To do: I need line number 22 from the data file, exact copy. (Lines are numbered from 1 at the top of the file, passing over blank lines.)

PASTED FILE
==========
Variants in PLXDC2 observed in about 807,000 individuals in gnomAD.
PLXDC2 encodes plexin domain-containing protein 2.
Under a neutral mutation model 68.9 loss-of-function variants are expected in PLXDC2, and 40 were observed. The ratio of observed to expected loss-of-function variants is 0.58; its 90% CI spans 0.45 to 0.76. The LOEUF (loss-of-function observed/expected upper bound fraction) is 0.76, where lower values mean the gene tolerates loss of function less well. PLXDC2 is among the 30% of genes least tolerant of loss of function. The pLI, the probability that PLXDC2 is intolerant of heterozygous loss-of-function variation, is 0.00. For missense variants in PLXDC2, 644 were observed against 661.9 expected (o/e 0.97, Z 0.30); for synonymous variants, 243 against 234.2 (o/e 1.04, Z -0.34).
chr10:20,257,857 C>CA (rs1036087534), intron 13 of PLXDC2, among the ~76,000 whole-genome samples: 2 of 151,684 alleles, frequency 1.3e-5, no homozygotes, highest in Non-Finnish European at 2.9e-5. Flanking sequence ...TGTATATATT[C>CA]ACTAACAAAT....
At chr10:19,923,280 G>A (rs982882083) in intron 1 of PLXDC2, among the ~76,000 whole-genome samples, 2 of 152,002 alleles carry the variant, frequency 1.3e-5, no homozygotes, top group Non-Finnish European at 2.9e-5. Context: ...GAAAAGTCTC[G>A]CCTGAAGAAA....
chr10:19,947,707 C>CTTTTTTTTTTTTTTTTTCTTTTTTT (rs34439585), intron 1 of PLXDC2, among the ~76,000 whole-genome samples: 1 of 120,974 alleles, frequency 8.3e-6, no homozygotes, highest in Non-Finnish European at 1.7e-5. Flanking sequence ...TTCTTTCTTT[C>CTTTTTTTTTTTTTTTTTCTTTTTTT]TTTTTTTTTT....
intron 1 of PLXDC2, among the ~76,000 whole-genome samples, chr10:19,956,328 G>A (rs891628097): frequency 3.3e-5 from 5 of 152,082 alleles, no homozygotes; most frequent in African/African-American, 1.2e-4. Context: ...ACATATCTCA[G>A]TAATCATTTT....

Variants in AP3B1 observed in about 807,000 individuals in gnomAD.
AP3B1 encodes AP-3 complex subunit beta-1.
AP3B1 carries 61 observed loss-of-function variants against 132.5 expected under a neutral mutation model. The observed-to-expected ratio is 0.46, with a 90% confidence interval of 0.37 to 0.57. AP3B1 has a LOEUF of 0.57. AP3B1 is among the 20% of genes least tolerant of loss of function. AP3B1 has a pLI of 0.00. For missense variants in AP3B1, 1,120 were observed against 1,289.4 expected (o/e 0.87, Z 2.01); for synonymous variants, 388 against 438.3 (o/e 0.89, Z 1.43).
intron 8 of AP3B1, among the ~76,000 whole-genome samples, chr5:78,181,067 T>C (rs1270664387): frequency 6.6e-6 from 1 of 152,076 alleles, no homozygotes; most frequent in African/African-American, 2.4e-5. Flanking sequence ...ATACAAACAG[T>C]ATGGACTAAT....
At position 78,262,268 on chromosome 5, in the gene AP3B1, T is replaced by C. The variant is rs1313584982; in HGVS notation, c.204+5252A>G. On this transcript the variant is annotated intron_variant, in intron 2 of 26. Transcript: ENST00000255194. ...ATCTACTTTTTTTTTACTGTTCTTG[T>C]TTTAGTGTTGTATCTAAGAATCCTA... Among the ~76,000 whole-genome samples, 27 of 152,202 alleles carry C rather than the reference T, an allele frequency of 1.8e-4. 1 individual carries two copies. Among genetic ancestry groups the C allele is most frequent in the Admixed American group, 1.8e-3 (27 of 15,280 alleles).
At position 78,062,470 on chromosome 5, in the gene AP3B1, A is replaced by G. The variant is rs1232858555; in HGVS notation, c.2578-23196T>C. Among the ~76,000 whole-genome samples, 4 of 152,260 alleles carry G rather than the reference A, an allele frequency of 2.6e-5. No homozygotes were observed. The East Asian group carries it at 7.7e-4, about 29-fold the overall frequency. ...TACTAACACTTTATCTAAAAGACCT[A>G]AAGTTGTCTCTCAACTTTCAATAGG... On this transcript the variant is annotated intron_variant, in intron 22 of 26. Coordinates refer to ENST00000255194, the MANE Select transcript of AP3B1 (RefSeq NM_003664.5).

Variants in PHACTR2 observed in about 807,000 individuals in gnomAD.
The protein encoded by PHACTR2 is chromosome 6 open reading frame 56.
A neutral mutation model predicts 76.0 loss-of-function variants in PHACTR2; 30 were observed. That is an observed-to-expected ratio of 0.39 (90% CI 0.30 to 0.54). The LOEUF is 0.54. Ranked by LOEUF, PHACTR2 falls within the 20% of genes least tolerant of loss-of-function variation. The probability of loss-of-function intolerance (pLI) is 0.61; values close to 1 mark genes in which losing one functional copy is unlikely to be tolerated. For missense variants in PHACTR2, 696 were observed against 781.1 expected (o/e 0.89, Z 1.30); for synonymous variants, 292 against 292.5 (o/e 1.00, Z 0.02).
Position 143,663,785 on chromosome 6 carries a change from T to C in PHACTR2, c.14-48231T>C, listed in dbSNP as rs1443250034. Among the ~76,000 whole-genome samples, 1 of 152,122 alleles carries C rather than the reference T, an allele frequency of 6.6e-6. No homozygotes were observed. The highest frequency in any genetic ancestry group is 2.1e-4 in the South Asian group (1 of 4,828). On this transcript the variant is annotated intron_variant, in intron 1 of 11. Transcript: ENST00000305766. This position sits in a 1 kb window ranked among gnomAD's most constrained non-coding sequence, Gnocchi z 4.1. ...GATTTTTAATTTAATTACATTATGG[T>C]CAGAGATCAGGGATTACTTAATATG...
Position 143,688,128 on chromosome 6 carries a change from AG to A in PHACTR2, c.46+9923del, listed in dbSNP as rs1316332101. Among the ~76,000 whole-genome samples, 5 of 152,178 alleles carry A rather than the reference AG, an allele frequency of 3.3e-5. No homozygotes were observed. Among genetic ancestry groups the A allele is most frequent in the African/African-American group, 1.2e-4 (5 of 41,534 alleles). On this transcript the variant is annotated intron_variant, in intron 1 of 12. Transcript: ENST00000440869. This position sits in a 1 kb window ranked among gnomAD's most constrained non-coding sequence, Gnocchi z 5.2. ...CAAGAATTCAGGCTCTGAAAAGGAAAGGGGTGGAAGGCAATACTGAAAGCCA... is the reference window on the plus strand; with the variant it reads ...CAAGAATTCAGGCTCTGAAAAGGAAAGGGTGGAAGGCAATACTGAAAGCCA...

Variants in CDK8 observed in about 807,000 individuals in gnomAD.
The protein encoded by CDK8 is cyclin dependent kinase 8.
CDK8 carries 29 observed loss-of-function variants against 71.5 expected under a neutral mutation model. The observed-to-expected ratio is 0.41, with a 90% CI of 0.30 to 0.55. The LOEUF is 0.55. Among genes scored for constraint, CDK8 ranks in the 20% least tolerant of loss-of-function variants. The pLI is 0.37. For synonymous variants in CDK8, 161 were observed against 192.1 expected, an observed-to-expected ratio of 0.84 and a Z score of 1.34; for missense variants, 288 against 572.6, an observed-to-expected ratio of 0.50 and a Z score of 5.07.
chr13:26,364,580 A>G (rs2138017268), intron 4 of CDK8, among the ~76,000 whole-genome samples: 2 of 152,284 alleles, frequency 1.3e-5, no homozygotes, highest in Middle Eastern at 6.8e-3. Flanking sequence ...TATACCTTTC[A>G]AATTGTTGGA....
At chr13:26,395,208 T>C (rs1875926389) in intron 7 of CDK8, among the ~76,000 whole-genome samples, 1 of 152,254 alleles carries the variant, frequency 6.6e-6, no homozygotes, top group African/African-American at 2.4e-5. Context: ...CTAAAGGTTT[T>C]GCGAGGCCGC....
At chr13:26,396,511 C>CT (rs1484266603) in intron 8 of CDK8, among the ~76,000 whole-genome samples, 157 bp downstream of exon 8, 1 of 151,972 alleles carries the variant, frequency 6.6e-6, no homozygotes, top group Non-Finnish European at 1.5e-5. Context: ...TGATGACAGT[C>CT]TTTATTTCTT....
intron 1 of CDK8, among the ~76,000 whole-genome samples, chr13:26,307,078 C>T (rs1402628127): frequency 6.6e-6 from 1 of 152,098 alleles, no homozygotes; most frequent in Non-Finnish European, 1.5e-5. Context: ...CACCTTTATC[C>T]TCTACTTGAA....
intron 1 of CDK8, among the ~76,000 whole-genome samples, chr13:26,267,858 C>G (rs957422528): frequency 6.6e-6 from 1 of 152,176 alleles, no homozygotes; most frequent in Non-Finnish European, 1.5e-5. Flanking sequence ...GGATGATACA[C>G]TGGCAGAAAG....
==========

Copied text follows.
chr13:26,364,580 A>G (rs2138017268), intron 4 of CDK8, among the ~76,000 whole-genome samples: 2 of 152,284 alleles, frequency 1.3e-5, no homozygotes, highest in Middle Eastern at 6.8e-3. Flanking sequence ...TATACCTTTC[A>G]AATTGTTGGA....